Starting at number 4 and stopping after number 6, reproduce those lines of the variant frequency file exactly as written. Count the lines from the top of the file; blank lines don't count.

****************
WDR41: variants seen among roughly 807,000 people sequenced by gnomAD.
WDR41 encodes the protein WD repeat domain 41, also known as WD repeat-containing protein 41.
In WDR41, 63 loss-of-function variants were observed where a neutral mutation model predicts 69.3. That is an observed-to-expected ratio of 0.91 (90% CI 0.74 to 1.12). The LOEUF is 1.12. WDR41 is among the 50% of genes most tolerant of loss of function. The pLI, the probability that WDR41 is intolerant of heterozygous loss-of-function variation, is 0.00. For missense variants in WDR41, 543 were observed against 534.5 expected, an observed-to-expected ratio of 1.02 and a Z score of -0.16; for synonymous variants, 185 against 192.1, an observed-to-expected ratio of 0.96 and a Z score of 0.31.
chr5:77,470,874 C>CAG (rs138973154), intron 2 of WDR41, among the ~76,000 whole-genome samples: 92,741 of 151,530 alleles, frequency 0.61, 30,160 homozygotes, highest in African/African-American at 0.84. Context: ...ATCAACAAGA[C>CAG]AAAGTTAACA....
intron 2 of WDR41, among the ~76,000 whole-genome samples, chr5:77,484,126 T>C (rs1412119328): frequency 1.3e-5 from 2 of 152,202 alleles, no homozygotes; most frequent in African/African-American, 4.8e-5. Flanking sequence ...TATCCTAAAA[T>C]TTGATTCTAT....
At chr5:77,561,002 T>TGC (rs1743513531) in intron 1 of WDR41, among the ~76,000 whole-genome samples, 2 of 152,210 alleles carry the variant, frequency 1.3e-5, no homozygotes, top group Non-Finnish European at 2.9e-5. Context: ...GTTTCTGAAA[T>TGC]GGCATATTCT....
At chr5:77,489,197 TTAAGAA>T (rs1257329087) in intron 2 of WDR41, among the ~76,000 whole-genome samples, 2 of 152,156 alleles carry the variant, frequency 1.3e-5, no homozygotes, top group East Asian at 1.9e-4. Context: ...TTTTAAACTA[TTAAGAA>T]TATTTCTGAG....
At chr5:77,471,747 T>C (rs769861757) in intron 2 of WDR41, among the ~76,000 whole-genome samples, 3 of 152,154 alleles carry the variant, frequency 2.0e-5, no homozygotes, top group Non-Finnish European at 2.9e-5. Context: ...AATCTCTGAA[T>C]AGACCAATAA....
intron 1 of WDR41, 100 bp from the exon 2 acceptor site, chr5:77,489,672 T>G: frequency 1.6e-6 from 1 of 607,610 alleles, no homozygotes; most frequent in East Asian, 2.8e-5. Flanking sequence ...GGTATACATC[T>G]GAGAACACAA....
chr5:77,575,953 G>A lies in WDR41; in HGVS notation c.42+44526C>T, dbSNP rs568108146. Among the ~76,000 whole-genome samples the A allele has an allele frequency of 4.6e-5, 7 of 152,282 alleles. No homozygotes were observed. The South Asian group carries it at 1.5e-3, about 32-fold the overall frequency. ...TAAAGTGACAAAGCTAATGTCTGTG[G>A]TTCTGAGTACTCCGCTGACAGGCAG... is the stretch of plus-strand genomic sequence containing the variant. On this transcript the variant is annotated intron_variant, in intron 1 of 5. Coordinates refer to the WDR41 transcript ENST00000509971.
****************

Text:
chr5:77,470,874 C>CAG (rs138973154), intron 2 of WDR41, among the ~76,000 whole-genome samples: 92,741 of 151,530 alleles, frequency 0.61, 30,160 homozygotes, highest in African/African-American at 0.84. Context: ...ATCAACAAGA[C>CAG]AAAGTTAACA....
intron 2 of WDR41, among the ~76,000 whole-genome samples, chr5:77,484,126 T>C (rs1412119328): frequency 1.3e-5 from 2 of 152,202 alleles, no homozygotes; most frequent in African/African-American, 4.8e-5. Flanking sequence ...TATCCTAAAA[T>C]TTGATTCTAT....
At chr5:77,561,002 T>TGC (rs1743513531) in intron 1 of WDR41, among the ~76,000 whole-genome samples, 2 of 152,210 alleles carry the variant, frequency 1.3e-5, no homozygotes, top group Non-Finnish European at 2.9e-5. Context: ...GTTTCTGAAA[T>TGC]GGCATATTCT....